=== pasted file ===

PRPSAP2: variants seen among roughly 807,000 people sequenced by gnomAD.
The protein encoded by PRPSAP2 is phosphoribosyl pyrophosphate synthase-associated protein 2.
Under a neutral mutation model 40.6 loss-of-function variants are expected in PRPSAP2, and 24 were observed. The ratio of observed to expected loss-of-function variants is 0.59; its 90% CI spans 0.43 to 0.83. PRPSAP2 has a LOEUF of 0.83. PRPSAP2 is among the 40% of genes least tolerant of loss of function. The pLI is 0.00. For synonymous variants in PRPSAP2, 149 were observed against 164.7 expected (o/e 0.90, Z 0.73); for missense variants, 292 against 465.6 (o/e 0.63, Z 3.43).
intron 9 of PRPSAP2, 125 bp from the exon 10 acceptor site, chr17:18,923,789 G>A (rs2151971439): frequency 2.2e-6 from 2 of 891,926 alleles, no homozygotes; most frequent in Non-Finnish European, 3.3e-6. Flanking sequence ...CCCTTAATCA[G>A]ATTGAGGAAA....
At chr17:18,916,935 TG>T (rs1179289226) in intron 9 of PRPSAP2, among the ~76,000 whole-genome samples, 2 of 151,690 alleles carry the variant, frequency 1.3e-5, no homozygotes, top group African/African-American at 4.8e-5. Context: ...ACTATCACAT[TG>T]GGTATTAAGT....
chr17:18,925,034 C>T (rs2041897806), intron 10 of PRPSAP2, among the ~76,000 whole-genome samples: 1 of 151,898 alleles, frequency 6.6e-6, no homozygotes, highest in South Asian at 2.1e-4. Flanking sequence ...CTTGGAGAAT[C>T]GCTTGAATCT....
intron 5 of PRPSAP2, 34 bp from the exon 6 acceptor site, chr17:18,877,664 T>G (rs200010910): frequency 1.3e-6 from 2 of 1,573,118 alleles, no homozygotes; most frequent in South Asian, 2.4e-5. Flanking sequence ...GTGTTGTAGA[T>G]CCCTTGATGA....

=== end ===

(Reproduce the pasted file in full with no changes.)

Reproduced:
PRPSAP2: variants seen among roughly 807,000 people sequenced by gnomAD.
The protein encoded by PRPSAP2 is phosphoribosyl pyrophosphate synthase-associated protein 2.
Under a neutral mutation model 40.6 loss-of-function variants are expected in PRPSAP2, and 24 were observed. The ratio of observed to expected loss-of-function variants is 0.59; its 90% CI spans 0.43 to 0.83. PRPSAP2 has a LOEUF of 0.83. PRPSAP2 is among the 40% of genes least tolerant of loss of function. The pLI is 0.00. For synonymous variants in PRPSAP2, 149 were observed against 164.7 expected (o/e 0.90, Z 0.73); for missense variants, 292 against 465.6 (o/e 0.63, Z 3.43).
intron 9 of PRPSAP2, 125 bp from the exon 10 acceptor site, chr17:18,923,789 G>A (rs2151971439): frequency 2.2e-6 from 2 of 891,926 alleles, no homozygotes; most frequent in Non-Finnish European, 3.3e-6. Flanking sequence ...CCCTTAATCA[G>A]ATTGAGGAAA....
At chr17:18,916,935 TG>T (rs1179289226) in intron 9 of PRPSAP2, among the ~76,000 whole-genome samples, 2 of 151,690 alleles carry the variant, frequency 1.3e-5, no homozygotes, top group African/African-American at 4.8e-5. Context: ...ACTATCACAT[TG>T]GGTATTAAGT....
chr17:18,925,034 C>T (rs2041897806), intron 10 of PRPSAP2, among the ~76,000 whole-genome samples: 1 of 151,898 alleles, frequency 6.6e-6, no homozygotes, highest in South Asian at 2.1e-4. Flanking sequence ...CTTGGAGAAT[C>T]GCTTGAATCT....
intron 5 of PRPSAP2, 34 bp from the exon 6 acceptor site, chr17:18,877,664 T>G (rs200010910): frequency 1.3e-6 from 2 of 1,573,118 alleles, no homozygotes; most frequent in South Asian, 2.4e-5. Flanking sequence ...GTGTTGTAGA[T>G]CCCTTGATGA....